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Turbines coming by train to tract near Randolph 

Credit:  By LYN JERDE, Capital Newspapers, www.wiscnews.com 3 November 2010 ~~

Ninety wind turbines will rise in the skyline in Columbia County’s towns of Scott and Randolph next spring, but not before their components make a stop in the neighboring down of Courtland.

The County Board’s planning and zoning committee Tuesday granted a conditional use permit to allow 12 acres of a 40-acre land tract (with multiple owners) to be utilized as a staging area for the construction of We Energies’ Glacier Hills Energy Park.

Planning and Zoning Director John Bluemke said the land is being used for agriculture and must be restored to that use once construction of the wind farm is finished – but no later than Nov. 30, 2011.

In January, the Public Service Commission of Wisconsin, which oversees the state’s utilities, granted We Energies permission to build Glacier Hills, which is likely to be the state’s largest wind farm. Another We Energies wind farm, Blue Skies Green Fields in Fond du Lac County, has 88 turbines.

We Energies is building the wind park to increase the amount of energy it generates through renewable resources. It is expected to generate up to 207 megawatts of electricity.

Art Ondrejka, operations manager for Vestas American Wind, which will build Glacier Hills Energy Park for We Energies, said plans call for the segments of the turbines’ towers to arrive by truck from Manitowoc. Other components, including the blades and housing, will come by train from Colorado – which is why Vestas wanted a siting area with easy access to railroad tracks.

Ondrejka said trains will deliver components of the turbines from May through August 2011, with one trainload arriving weekly for 11 weeks.

The parts would be off-loaded in the staging area, then distributed to the various sites where the 90 turbines, each about 400 feet tall from ground to the highest blade tip, will be built on leased farmland, covering a 17,300-acre footprint in Scott and Randolph, Columbia County’s northeasternmost towns.

The town of Courtland is located just south of the town of Randolph. And, as Courtland Town Supervisor JoAnn Wingers (who also is a Columbia County supervisor) pointed out to the planning and zoning committee, “There are no turbines going up in our township.”

Wingers said the Courtland Town Board approved of the plans for the staging area, which would be located just off Fordeg Road – particularly since Vestas plans to build a temporary driveway on the property, instead of using Fordeg Road as its primary drop-off site.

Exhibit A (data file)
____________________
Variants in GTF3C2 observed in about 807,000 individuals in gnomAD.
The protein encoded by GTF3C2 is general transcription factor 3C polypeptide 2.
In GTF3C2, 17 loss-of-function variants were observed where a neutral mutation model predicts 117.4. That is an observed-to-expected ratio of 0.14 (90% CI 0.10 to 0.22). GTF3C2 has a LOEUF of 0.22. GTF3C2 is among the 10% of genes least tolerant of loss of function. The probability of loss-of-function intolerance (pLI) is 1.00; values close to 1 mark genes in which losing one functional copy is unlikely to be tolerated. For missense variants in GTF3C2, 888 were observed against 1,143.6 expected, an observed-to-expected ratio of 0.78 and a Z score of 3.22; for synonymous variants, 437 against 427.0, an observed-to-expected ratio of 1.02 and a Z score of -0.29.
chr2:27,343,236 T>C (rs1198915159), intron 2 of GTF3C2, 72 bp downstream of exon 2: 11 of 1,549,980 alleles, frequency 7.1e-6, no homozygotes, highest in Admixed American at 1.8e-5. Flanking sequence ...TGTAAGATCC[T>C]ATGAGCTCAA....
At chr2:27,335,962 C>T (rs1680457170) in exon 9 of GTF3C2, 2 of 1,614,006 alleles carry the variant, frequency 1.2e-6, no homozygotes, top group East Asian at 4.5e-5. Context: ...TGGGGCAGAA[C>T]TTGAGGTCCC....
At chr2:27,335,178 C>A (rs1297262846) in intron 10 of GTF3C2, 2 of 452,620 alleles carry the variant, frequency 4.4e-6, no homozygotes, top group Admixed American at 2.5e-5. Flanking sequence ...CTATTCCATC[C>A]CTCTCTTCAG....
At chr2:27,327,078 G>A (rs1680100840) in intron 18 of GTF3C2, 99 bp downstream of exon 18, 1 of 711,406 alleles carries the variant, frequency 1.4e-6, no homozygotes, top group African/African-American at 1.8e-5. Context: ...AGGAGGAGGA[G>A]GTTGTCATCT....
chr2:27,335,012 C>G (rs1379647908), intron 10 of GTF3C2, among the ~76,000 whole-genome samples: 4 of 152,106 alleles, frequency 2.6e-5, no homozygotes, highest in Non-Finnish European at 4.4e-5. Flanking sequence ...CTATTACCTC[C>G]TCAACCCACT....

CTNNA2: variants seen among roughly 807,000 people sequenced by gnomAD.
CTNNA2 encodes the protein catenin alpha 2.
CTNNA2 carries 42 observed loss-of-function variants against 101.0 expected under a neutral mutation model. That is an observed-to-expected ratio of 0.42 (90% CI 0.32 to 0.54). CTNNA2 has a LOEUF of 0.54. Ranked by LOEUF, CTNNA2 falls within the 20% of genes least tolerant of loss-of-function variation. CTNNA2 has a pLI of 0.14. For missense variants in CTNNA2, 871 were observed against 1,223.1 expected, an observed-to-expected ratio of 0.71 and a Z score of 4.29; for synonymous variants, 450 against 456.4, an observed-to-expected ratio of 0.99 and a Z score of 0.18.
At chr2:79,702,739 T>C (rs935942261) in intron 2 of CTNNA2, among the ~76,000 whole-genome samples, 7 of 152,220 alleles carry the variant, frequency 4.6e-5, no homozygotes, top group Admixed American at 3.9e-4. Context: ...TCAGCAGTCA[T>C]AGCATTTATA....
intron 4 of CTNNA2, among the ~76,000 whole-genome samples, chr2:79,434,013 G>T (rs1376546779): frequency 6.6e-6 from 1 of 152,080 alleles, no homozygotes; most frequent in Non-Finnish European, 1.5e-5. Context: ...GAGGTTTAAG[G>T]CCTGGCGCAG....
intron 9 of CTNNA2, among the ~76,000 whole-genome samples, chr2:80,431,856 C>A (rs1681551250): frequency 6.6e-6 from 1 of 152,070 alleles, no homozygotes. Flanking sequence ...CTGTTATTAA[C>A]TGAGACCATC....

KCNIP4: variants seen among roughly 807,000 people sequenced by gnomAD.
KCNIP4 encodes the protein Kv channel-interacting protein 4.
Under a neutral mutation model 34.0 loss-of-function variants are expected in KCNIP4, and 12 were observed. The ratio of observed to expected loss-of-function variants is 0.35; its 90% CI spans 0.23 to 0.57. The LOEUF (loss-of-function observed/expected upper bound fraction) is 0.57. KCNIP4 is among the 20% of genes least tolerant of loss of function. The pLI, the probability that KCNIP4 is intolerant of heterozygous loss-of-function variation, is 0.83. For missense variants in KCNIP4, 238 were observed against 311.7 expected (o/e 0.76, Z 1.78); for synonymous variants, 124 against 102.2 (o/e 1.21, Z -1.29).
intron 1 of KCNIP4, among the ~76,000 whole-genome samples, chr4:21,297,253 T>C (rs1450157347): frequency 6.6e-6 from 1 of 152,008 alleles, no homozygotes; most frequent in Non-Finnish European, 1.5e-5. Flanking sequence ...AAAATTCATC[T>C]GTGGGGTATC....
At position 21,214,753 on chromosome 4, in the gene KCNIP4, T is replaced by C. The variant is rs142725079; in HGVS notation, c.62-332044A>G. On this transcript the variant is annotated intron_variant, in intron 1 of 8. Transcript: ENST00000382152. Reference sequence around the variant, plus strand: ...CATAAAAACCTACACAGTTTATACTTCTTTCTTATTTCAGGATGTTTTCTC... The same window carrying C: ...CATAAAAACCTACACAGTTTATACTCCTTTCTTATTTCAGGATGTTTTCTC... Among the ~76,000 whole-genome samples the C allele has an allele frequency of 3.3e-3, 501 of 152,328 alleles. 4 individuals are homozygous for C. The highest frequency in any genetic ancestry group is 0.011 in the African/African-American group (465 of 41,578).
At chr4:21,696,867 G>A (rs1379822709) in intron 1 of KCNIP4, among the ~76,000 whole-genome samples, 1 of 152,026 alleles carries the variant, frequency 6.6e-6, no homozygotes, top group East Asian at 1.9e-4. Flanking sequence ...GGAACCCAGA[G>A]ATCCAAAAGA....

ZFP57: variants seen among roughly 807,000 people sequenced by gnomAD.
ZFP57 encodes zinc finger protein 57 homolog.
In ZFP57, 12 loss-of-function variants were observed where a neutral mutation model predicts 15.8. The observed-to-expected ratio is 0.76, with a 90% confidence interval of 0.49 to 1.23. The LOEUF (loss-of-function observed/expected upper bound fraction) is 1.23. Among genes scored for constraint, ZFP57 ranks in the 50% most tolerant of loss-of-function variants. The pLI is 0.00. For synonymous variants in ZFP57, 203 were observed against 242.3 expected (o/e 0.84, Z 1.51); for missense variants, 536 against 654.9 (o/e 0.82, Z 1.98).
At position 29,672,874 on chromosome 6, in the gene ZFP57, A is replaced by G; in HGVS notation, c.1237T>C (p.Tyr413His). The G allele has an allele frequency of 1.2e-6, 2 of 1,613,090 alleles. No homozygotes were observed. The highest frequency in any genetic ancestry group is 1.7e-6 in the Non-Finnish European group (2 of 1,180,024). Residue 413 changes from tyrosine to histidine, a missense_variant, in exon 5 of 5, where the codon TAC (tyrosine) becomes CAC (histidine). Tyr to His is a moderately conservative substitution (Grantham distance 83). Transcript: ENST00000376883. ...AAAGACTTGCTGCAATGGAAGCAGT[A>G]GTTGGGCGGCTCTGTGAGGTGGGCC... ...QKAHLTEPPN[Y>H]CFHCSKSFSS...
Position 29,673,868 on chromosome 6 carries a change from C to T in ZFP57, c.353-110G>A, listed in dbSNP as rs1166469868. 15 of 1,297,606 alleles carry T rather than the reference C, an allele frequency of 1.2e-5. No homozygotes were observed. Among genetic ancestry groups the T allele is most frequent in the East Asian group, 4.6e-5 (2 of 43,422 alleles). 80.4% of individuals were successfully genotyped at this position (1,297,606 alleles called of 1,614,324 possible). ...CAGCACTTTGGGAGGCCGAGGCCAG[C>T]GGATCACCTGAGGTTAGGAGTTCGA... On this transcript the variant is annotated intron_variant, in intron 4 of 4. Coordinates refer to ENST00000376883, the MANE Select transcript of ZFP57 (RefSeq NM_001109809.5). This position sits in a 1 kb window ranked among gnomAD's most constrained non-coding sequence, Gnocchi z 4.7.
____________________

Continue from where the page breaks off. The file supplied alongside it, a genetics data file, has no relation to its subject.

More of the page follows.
We Energies has entered into an agreement with Columbia County to repair any damage incurred to county roads during the turbines’ construction, and Wingers said a similar agreement governing town roads in Courtland is in the works.

According to Columbia County Supervisor Doug Richmond of rural Lodi, the planning and zoning committee may grant a conditional use permit for the staging area without bringing the matter to the full County Board.

The committee did so by a 3-1 vote, with Supervisor Fred Teitgen of the town of Dekorra casting the sole dissenting vote.

Teitgen said he based his vote on his general opposition to the construction of wind energy farms in rural areas, because Wisconsin does not generate enough wind to operate them, because neighbors of existing wind farms complain about noise and health hazards related to them, and because he thinks Wisconsin should focus on more feasible forms of renewable energy such as nuclear power.

“This large turbines, in my opinion, constitute a blight on our rural landscape,” Teitgen said.

Source:  By LYN JERDE, Capital Newspapers, www.wiscnews.com 3 November 2010

This article is the work of the source indicated. Any opinions expressed in it are not necessarily those of National Wind Watch.

The copyright of this article resides with the author or publisher indicated. As part of its noncommercial educational effort to present the environmental, social, scientific, and economic issues of large-scale wind power development to a global audience seeking such information, National Wind Watch endeavors to observe “fair use” as provided for in section 107 of U.S. Copyright Law and similar “fair dealing” provisions of the copyright laws of other nations. Send requests to excerpt, general inquiries, and comments via e-mail.

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